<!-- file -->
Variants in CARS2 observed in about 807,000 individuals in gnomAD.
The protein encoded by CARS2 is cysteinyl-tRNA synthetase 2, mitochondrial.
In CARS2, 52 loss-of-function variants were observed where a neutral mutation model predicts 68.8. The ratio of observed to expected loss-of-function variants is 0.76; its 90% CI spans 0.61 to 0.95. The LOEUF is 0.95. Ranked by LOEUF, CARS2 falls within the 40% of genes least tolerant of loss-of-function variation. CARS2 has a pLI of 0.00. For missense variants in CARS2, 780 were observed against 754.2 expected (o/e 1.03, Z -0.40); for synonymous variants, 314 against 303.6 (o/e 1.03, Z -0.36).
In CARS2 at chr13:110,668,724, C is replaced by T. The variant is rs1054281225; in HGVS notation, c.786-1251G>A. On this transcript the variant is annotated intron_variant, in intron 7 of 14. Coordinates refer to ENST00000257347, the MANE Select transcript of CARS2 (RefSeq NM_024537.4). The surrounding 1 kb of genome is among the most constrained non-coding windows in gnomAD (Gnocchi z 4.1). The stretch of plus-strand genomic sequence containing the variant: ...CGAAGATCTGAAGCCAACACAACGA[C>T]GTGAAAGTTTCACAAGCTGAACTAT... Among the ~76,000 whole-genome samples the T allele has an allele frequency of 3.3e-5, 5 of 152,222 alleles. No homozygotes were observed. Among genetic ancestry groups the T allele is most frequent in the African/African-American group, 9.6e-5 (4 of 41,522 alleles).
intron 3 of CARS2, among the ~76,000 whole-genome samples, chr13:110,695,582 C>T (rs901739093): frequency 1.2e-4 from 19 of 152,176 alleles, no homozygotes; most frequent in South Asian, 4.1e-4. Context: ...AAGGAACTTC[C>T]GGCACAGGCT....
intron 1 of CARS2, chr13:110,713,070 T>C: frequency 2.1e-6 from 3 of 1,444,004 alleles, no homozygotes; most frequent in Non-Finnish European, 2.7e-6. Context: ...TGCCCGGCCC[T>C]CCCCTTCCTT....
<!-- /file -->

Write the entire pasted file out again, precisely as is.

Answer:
Variants in CARS2 observed in about 807,000 individuals in gnomAD.
The protein encoded by CARS2 is cysteinyl-tRNA synthetase 2, mitochondrial.
In CARS2, 52 loss-of-function variants were observed where a neutral mutation model predicts 68.8. The ratio of observed to expected loss-of-function variants is 0.76; its 90% CI spans 0.61 to 0.95. The LOEUF is 0.95. Ranked by LOEUF, CARS2 falls within the 40% of genes least tolerant of loss-of-function variation. CARS2 has a pLI of 0.00. For missense variants in CARS2, 780 were observed against 754.2 expected (o/e 1.03, Z -0.40); for synonymous variants, 314 against 303.6 (o/e 1.03, Z -0.36).
In CARS2 at chr13:110,668,724, C is replaced by T. The variant is rs1054281225; in HGVS notation, c.786-1251G>A. On this transcript the variant is annotated intron_variant, in intron 7 of 14. Coordinates refer to ENST00000257347, the MANE Select transcript of CARS2 (RefSeq NM_024537.4). The surrounding 1 kb of genome is among the most constrained non-coding windows in gnomAD (Gnocchi z 4.1). The stretch of plus-strand genomic sequence containing the variant: ...CGAAGATCTGAAGCCAACACAACGA[C>T]GTGAAAGTTTCACAAGCTGAACTAT... Among the ~76,000 whole-genome samples the T allele has an allele frequency of 3.3e-5, 5 of 152,222 alleles. No homozygotes were observed. Among genetic ancestry groups the T allele is most frequent in the African/African-American group, 9.6e-5 (4 of 41,522 alleles).
intron 3 of CARS2, among the ~76,000 whole-genome samples, chr13:110,695,582 C>T (rs901739093): frequency 1.2e-4 from 19 of 152,176 alleles, no homozygotes; most frequent in South Asian, 4.1e-4. Context: ...AAGGAACTTC[C>T]GGCACAGGCT....
intron 1 of CARS2, chr13:110,713,070 T>C: frequency 2.1e-6 from 3 of 1,444,004 alleles, no homozygotes; most frequent in Non-Finnish European, 2.7e-6. Context: ...TGCCCGGCCC[T>C]CCCCTTCCTT....